What I have noticed is that by the time my perception of the environment has gotten clearer and more precise when I got a camera with me, no matter if I really shoot or not.
    Seems the presence of the camera is enuff to switch my built in scanner on alert red !

    Regards,
    Bertram
    A la recherche du temps perdu: www. bersac.de

  6. #16
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    Donald,

    I have not seen a change, however, for those of us that are transparency shooters, seeing and capturing the moment on film is my (our) priority. In the case of the transparency, it is a finished product. The photographic print allows us to share our vision with others and to "take it home with them".

    Rich
    Richard A. Nelridge
    http://www.nelridge.com

  7. #17
    rfshootist's Avatar
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    Quote Originally Posted by Maris
    People often forget that the photograph on the gallery wall is a photograph of what was in the camera not what was in front of the camera.
    Confirms my suspect that some of the printers would like to leave the lenscap on anyway.
    Actually it is in the camera what and how a photog made the camera see something. There are photogs and printers, and that some people can do both does not change it.

    Maybe some of the printers should let photographers shoot for them, as I let printers print for me. Thus we could all get rid of the boring part and we all had something decent at the wall. Seems to be ideal solution, doesn't it ?

    bertram
    A la recherche du temps perdu: www. bersac.de

  8. #18
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    My priority has been shooting when i can and that's only a couple trips a year out of L.A. It's been much too hot in the darkroom to do anything for a while now so i concentrate on exposing film whenever i can. That's the easy part. I find that after using my lf gear for a day or so my ability to make "keepers" improves dramatically.
    www.vinnywalsh.com

    I know what I want but I just don't know how to go about gettin' it.-Hendrix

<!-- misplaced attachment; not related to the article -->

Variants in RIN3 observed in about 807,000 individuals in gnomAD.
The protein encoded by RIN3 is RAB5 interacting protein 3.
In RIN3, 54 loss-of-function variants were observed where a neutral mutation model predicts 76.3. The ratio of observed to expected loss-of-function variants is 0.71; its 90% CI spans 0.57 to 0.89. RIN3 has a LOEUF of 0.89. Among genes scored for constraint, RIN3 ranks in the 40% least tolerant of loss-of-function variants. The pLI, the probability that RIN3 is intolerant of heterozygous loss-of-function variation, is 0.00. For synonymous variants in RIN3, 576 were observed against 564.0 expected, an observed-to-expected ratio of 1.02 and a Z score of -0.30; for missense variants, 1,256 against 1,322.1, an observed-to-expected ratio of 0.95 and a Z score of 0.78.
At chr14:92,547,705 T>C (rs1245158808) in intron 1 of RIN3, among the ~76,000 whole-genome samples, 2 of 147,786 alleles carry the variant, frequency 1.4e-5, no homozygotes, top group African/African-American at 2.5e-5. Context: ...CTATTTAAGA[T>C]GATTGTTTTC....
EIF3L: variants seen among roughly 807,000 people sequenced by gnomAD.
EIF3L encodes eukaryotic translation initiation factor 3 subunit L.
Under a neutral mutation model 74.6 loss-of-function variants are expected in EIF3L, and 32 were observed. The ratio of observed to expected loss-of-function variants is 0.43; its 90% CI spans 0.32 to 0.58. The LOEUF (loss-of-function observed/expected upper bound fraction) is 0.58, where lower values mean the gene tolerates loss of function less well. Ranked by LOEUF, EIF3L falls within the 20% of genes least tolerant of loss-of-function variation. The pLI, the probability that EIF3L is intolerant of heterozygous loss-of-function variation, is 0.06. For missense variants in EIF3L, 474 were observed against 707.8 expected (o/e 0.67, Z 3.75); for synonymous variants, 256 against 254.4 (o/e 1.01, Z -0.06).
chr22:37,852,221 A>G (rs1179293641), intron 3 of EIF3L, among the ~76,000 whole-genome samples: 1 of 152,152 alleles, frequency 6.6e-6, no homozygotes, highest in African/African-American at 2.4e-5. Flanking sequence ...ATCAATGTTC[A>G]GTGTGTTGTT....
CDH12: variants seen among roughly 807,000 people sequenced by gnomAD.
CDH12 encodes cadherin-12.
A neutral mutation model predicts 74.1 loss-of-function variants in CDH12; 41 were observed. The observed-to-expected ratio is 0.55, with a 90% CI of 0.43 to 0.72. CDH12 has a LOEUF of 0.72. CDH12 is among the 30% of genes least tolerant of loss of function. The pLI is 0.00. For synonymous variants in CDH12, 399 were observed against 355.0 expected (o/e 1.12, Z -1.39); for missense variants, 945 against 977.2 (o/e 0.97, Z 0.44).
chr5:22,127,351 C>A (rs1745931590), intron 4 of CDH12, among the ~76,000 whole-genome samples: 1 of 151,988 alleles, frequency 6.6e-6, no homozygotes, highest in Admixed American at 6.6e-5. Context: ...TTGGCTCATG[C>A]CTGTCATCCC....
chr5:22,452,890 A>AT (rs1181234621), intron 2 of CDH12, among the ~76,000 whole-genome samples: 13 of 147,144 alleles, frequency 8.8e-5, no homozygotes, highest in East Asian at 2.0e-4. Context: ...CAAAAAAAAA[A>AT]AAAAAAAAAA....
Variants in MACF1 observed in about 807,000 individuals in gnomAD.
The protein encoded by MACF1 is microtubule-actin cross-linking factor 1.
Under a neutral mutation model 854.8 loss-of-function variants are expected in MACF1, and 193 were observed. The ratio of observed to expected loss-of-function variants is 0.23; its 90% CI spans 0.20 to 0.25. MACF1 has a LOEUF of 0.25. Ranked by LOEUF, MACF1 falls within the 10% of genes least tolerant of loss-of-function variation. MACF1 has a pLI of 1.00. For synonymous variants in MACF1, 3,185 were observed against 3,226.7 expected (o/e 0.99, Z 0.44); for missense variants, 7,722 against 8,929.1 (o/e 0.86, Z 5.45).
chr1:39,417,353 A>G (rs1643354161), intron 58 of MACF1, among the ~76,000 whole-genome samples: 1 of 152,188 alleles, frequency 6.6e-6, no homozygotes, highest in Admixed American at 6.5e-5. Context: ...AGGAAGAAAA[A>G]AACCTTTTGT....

9. #19
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    Since I committed myself to making five new exposures every day

    Wow man, you're way ahead of me!
    I'm happy with adding five new photographs to my portfoilos a year!
    Kick back, breath deep and flex your muscles.

  10. #20
    Maris's Avatar
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    Quote Originally Posted by rfshootist
    Confirms my suspect that some of the printers would like to leave the lenscap on anyway.
    Actually it is in the camera what and how a photog made the camera see something. There are photogs and printers, and that some people can do both does not change it.

    Maybe some of the printers should let photographers shoot for them, as I let printers print for me. Thus we could all get rid of the boring part and we all had something decent at the wall. Seems to be ideal solution, doesn't it ?

    bertram
    Maybe the people who make nothing but exposures should not be classed as photographers at all. What is wrong with camera-worker? There have been truly great camera-workers. H.Cartier-Bresson is a prime example. He pointed and clicked a lot but everything visible in relation to his work was made by Pierre Gassman and others.

    The appellation "photographer" is an august one and I believe it is given away too freely to people who do not conduct the entire process, start to finish, by their own effort.
    Photography, the word itself, invented and defined by its author Sir John.F.W.Herschel, 14 March 1839 at the Royal Society, Somerset House, London. Quote "...Photography or the application of the Chemical rays of light to the purpose of pictorial representation,..". unquote.